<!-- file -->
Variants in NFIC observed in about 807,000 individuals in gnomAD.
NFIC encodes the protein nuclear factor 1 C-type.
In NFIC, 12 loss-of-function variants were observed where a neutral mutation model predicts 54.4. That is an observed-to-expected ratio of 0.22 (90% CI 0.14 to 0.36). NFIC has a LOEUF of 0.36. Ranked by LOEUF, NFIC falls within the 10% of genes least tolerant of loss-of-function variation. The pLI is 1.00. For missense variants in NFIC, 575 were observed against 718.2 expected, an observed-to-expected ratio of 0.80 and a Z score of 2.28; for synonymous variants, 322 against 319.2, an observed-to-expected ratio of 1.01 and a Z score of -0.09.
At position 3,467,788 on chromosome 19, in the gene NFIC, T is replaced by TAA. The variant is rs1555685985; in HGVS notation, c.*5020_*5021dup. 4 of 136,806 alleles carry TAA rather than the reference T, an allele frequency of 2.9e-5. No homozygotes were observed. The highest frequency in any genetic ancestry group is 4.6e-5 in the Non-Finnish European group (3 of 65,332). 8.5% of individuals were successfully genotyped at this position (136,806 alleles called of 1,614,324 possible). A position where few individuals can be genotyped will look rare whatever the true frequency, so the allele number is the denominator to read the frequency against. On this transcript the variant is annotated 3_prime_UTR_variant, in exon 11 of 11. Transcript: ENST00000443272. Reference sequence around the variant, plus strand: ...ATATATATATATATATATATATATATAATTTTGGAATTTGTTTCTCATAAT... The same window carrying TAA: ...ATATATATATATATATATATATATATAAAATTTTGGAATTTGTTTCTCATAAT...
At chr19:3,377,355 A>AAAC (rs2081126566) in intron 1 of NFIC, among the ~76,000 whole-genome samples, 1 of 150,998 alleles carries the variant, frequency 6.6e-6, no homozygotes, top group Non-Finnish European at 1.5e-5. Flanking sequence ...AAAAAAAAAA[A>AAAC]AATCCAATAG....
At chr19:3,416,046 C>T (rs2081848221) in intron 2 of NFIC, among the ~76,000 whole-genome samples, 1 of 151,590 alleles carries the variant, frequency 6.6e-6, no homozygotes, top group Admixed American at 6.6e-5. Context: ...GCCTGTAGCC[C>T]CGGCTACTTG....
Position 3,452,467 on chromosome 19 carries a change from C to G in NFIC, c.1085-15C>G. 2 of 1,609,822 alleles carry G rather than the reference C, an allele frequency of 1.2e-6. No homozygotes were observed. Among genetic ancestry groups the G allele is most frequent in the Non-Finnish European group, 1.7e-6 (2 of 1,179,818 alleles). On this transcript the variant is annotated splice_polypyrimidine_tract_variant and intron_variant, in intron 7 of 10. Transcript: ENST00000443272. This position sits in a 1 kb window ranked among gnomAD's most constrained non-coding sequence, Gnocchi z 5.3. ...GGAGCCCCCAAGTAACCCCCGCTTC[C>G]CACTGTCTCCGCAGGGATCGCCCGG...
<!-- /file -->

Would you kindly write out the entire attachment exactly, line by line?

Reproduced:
Variants in NFIC observed in about 807,000 individuals in gnomAD.
NFIC encodes the protein nuclear factor 1 C-type.
In NFIC, 12 loss-of-function variants were observed where a neutral mutation model predicts 54.4. That is an observed-to-expected ratio of 0.22 (90% CI 0.14 to 0.36). NFIC has a LOEUF of 0.36. Ranked by LOEUF, NFIC falls within the 10% of genes least tolerant of loss-of-function variation. The pLI is 1.00. For missense variants in NFIC, 575 were observed against 718.2 expected, an observed-to-expected ratio of 0.80 and a Z score of 2.28; for synonymous variants, 322 against 319.2, an observed-to-expected ratio of 1.01 and a Z score of -0.09.
At position 3,467,788 on chromosome 19, in the gene NFIC, T is replaced by TAA. The variant is rs1555685985; in HGVS notation, c.*5020_*5021dup. 4 of 136,806 alleles carry TAA rather than the reference T, an allele frequency of 2.9e-5. No homozygotes were observed. The highest frequency in any genetic ancestry group is 4.6e-5 in the Non-Finnish European group (3 of 65,332). 8.5% of individuals were successfully genotyped at this position (136,806 alleles called of 1,614,324 possible). A position where few individuals can be genotyped will look rare whatever the true frequency, so the allele number is the denominator to read the frequency against. On this transcript the variant is annotated 3_prime_UTR_variant, in exon 11 of 11. Transcript: ENST00000443272. Reference sequence around the variant, plus strand: ...ATATATATATATATATATATATATATAATTTTGGAATTTGTTTCTCATAAT... The same window carrying TAA: ...ATATATATATATATATATATATATATAAAATTTTGGAATTTGTTTCTCATAAT...
At chr19:3,377,355 A>AAAC (rs2081126566) in intron 1 of NFIC, among the ~76,000 whole-genome samples, 1 of 150,998 alleles carries the variant, frequency 6.6e-6, no homozygotes, top group Non-Finnish European at 1.5e-5. Flanking sequence ...AAAAAAAAAA[A>AAAC]AATCCAATAG....
At chr19:3,416,046 C>T (rs2081848221) in intron 2 of NFIC, among the ~76,000 whole-genome samples, 1 of 151,590 alleles carries the variant, frequency 6.6e-6, no homozygotes, top group Admixed American at 6.6e-5. Context: ...GCCTGTAGCC[C>T]CGGCTACTTG....
Position 3,452,467 on chromosome 19 carries a change from C to G in NFIC, c.1085-15C>G. 2 of 1,609,822 alleles carry G rather than the reference C, an allele frequency of 1.2e-6. No homozygotes were observed. Among genetic ancestry groups the G allele is most frequent in the Non-Finnish European group, 1.7e-6 (2 of 1,179,818 alleles). On this transcript the variant is annotated splice_polypyrimidine_tract_variant and intron_variant, in intron 7 of 10. Transcript: ENST00000443272. This position sits in a 1 kb window ranked among gnomAD's most constrained non-coding sequence, Gnocchi z 5.3. ...GGAGCCCCCAAGTAACCCCCGCTTC[C>G]CACTGTCTCCGCAGGGATCGCCCGG...